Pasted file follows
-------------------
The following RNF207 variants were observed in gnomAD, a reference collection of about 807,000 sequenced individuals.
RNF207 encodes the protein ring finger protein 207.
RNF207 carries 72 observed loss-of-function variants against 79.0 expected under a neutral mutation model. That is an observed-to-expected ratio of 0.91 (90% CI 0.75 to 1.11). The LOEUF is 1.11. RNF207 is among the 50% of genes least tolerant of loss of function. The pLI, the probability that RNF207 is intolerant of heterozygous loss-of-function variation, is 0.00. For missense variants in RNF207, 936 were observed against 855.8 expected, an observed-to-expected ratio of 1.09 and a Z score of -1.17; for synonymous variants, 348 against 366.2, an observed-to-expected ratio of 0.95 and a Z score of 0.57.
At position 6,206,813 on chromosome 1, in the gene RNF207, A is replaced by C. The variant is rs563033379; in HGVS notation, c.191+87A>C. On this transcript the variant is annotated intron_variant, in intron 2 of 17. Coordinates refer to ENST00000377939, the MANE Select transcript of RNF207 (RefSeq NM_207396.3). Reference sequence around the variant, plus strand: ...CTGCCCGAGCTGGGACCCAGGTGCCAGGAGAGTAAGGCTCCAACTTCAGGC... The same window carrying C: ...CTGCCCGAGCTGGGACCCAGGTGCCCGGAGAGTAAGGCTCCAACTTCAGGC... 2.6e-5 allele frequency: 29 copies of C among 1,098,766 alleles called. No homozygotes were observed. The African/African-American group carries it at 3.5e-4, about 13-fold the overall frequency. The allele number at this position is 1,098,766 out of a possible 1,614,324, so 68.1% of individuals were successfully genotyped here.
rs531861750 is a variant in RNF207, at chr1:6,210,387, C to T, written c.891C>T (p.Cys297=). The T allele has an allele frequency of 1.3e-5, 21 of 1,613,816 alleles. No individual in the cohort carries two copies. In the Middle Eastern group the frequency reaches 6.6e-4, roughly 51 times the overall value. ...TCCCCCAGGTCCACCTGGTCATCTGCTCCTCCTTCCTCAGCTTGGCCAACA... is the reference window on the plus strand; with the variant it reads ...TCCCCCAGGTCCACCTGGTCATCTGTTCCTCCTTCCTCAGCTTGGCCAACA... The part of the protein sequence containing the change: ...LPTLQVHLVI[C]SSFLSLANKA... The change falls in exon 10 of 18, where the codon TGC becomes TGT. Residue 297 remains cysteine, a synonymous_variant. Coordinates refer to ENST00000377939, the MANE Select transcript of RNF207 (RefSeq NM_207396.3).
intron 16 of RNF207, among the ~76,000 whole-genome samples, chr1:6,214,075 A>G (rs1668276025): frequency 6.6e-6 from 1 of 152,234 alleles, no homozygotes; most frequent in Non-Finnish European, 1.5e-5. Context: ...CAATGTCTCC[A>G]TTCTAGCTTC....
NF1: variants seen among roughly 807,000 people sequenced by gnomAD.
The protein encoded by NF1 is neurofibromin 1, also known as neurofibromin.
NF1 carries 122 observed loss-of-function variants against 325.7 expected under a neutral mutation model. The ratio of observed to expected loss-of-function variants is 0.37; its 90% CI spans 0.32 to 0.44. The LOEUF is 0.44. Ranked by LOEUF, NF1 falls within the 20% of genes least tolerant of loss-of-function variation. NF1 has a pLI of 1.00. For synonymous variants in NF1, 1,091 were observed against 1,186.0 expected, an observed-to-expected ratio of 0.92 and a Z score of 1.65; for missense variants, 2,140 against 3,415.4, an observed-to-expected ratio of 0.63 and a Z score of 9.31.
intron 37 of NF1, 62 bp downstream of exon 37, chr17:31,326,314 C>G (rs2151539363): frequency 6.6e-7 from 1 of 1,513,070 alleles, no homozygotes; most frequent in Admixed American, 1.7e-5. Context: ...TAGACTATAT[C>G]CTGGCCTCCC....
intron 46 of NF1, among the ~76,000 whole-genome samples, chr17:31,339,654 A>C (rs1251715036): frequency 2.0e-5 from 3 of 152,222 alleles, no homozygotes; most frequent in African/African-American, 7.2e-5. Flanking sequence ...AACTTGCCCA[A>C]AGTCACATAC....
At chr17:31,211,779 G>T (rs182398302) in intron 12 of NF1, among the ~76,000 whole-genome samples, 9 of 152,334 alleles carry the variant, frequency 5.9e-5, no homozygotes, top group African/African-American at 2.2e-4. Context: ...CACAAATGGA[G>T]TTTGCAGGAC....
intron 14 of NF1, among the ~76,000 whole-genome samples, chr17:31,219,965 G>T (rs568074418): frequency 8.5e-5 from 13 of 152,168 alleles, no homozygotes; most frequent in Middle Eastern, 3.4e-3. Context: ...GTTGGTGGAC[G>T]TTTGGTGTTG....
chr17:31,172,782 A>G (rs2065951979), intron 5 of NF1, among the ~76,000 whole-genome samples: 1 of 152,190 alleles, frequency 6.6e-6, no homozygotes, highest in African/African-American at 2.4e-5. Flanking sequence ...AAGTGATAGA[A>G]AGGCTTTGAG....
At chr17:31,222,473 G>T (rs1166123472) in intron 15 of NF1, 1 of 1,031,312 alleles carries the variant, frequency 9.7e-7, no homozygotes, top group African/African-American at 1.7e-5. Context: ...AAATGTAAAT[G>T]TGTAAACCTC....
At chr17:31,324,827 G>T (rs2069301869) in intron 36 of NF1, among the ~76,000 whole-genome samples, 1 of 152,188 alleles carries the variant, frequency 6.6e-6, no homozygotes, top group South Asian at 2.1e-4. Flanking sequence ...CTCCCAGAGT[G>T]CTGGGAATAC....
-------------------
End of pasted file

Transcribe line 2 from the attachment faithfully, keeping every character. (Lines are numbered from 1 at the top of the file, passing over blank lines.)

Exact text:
RNF207 encodes the protein ring finger protein 207.